Introduction Patients with pulsatile tinnitus (PT) can have potentially devastating psychological impact, which effect how best to treat these patients, many options which include endovascular treatment.
Aim of Study Objectives of this study include quantifying the prevalence of depression and anxiety in the United States PT population as well as identifying demographic risks associated with effects of PT on depression and anxiety.
Methods Subjects were recruited from online PT groups. Questionnaires utilizing the validated Tinnitus Functional Index (TFI) were combined with demographic questions in a secure online survey. In addition, the PHQ-9 and GAD-7 questionnaires were used to obtain the prevalence of concurrent depression and anxiety, respectively. Results were collected over a 5-month period.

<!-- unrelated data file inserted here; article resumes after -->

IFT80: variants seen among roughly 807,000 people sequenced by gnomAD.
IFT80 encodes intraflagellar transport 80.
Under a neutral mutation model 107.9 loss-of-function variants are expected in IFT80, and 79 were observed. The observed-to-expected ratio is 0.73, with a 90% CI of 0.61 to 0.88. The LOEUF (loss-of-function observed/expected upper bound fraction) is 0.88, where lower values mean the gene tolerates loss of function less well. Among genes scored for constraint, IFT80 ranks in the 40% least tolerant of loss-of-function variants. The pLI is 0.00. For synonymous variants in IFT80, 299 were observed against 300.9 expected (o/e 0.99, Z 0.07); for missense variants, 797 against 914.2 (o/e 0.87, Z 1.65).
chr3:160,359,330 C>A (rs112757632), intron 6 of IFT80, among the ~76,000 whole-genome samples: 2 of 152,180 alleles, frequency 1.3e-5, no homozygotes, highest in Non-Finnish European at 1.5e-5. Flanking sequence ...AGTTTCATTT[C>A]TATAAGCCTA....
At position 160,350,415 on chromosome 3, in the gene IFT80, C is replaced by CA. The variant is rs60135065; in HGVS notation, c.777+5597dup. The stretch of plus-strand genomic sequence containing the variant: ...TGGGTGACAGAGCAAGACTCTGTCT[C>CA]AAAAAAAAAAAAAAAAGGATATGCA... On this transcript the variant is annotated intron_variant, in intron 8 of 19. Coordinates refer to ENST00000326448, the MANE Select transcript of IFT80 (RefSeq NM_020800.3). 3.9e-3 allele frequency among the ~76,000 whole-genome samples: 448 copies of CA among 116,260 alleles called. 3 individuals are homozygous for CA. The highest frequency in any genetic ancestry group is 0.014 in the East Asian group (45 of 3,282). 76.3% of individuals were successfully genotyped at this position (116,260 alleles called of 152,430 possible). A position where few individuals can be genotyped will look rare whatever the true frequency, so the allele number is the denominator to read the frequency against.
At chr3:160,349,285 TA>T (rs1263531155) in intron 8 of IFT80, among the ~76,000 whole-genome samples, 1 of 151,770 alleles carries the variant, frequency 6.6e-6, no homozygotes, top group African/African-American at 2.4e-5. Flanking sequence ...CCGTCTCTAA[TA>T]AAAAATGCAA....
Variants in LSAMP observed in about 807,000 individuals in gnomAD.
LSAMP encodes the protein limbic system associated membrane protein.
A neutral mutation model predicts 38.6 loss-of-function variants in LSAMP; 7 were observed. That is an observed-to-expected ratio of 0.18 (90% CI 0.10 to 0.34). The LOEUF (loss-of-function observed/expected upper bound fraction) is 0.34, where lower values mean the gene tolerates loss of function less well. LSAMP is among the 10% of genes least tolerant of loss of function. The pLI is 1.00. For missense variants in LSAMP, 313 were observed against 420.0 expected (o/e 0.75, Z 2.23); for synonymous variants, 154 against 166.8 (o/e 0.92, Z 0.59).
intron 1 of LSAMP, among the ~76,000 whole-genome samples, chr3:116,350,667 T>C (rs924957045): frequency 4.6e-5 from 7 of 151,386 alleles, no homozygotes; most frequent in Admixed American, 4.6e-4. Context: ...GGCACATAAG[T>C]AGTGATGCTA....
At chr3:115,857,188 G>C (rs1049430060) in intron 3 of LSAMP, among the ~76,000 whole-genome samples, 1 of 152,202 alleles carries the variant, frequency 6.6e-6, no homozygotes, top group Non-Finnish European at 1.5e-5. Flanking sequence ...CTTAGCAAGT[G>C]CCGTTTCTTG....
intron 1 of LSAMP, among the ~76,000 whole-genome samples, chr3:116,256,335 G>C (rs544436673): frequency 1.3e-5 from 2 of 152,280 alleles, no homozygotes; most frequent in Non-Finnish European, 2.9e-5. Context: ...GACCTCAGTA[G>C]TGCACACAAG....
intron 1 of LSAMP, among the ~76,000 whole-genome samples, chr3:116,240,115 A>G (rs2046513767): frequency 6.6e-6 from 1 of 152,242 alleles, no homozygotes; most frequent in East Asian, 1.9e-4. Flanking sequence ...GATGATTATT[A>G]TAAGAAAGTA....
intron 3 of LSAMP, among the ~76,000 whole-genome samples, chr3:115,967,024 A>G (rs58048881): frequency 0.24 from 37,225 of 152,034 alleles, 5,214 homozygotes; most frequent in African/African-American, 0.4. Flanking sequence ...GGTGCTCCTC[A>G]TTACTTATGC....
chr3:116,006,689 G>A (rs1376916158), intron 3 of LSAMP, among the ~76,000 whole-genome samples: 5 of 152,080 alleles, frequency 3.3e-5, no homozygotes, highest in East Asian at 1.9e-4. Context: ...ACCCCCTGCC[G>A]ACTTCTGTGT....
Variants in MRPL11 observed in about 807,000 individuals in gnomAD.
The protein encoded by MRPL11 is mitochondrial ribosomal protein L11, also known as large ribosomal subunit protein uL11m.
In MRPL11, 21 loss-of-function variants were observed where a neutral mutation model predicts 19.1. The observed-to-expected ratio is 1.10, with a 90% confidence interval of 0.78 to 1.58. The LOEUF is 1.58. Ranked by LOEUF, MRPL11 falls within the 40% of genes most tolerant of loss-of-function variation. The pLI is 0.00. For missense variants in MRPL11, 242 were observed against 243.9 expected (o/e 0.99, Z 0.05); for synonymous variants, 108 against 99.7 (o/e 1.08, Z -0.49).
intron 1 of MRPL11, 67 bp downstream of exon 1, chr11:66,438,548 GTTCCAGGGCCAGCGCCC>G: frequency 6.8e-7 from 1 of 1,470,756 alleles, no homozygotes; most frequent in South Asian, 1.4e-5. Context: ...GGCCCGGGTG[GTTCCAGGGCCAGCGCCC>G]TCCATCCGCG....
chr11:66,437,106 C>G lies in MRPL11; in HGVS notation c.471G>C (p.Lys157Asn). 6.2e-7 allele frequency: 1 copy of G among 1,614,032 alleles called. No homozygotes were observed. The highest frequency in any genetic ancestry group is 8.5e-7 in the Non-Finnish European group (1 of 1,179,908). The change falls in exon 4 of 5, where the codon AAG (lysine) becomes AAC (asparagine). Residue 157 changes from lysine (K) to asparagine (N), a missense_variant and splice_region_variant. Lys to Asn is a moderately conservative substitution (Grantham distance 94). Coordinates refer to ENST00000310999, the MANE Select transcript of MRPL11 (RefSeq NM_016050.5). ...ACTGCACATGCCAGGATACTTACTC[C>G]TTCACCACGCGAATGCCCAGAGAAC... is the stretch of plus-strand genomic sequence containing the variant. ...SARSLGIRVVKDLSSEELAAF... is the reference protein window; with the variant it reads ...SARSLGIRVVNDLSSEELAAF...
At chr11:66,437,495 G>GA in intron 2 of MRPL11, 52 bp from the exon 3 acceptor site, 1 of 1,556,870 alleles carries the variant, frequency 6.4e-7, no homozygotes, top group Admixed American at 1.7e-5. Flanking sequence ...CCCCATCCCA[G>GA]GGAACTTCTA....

Results A total of 515 surveys were included (84% female, 65% unemployed, mean(sd) age was 46.4 years (14.2)). Median (IQR) symptom duration was 1.9 (0.56, 4.8) years. Survey data showed 46% and 37% of subjects with moderate to severe depression and anxiety, respectively. Higher TFI scores were associated with moderate to severe depression (OR 1.07; 95%CI 1.06–1.09, p<0.001) and anxiety (OR 1.05, 95% CI 1.04–1.06, p<0.001), with TFI subscores also independently being associated in a univariate analysis.
Conclusion The prevalence of moderate to severe depression and anxiety in the PT population, which was previously unknown, is estimated in our study to be 46% and 37%, respectively. Furthermore, increasing TFI total score was significantly associated with increased depression and anxiety scales adding further evidence of the impact of PT on the psychological health of these patients.
Disclosure of Interest Nothing to disclose